Ten years ago, not many of us could have predicted that we’d be holding conversations via video on paper-thin devices called tablets. Or that we wouldn’t have to be at a particular computer to access a file. Or that our cell phones would be the thing most of us rely on to get through the day. Or that we’d see a 500+% increase in global Internet users.
Technology is a tricky thing to predict, but it’s still fun to give it a try. What do the next 10 years hold for us?
1. The Barriers to Entry Will Become Nonexistent.
It used to be that you needed some sharp technical skills if you wanted to use a computer in your office. And lots of money. And room. But as we see computers, mobile, social, and cloud converging into one giant ball, everyone’s included in the fun. Even the least technical person at your company can likely use a computer, and he’ll find it even easier in the next few years. Technology is starting to be designed for that person, not the head of IT.
And mobile apps? No longer just a rich man’s game. Even the smallest business can now afford to have one developed. The future will just bring down prices to do so even more.
2. We’ll See More *aaS.
We’ve got Software as a Service. Backend as a Service. Platform as a Service. Services in IT are on the edge of explosive growth, and features that currently require a technical manager to oversee will soon be handed off to companies profiting by providing IT services.
This is an exciting prediction, and it leads back to #1: if you no longer have to worry about the backend your app uses or developing tools for your platform, you can spend more time focused on growing your business.
3. The Internet of Things Will Be Big for B2B.
Right now, the “Internet of Things” is focused on the consumer market. Just look at your FitBit, which tells you how many calories you’ve burned. Or your XBox SmartGlass app for your tablet that lets you interact with XBox on your television. But B2B applications are in the works, and will soon help businesses work more smartly.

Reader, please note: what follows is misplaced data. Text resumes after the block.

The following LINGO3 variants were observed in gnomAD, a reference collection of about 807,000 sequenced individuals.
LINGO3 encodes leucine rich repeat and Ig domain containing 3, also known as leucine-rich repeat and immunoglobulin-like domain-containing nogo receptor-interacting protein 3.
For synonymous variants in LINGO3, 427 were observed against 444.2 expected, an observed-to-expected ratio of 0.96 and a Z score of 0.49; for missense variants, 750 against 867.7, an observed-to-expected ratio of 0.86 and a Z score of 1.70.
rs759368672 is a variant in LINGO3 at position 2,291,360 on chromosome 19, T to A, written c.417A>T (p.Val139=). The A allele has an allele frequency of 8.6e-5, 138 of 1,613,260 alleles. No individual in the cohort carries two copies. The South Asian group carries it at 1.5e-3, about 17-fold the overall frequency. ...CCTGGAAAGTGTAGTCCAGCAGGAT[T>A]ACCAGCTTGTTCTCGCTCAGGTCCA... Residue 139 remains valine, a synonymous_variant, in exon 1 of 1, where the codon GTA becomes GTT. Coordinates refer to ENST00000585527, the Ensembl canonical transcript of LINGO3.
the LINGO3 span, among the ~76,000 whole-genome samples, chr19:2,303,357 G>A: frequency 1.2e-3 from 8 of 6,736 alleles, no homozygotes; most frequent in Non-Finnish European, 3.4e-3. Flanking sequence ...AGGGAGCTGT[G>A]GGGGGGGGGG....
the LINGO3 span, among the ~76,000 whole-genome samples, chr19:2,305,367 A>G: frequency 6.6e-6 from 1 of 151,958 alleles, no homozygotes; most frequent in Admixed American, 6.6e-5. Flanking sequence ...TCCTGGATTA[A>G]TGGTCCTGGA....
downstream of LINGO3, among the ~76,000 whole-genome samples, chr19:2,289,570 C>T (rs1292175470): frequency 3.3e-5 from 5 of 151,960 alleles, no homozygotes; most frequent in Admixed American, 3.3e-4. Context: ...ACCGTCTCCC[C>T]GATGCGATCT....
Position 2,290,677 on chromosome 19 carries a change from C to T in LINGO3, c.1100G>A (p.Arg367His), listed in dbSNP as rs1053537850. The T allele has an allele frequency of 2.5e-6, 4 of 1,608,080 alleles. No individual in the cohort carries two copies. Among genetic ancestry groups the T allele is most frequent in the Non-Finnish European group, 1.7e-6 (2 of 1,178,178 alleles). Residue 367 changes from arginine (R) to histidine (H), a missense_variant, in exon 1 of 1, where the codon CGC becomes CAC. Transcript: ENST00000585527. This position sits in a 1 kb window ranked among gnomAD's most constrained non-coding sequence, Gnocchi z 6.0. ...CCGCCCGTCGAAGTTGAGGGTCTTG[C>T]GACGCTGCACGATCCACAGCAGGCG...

Examples have been given of predictive maintenance on large business campuses. Rather than wait until a chiller or other major piece of equipment breaks down, connected devices can alert maintenance crews to prevent unscheduled downtime. Or the oil and gas industry could use technology to find sources of oil without as much experimental drilling. The possibilities, truly, are limitless.
4. We’ll Get a Handle on Big Data.
If there’s a buzzword for 2012 up until now, it’s “Big Data.” Unfortunately, most businesses still don’t know what to do with all the information zooming at them from their customers and technology. But they will. There’s an entire industry being built up around this overload we’re currently experiencing in trying to sift through all this data, and soon we’ll be able to use it intelligently.
If the focus right now is on capturing all that Big Data, the future will be interpreting it easily.
5. Apps Will Replace Software
Enterprises will no longer bother with complex software builds and installations. Why deal with the hassle when apps will be much more agile and easier to implement? Large companies will also get away from the idea of an app or software having to be completely perfect, and will adopt the iterations of Agile software development, which constantly tests and tweaks software rather than waiting until it’s completed.
All of these predictions are believable enough; it’s what we can’t predict that’s truly exciting. What lurks around the corner? What technological advance will once again turn our world on its head? I, for one, can’t wait to find out. What are your predictions?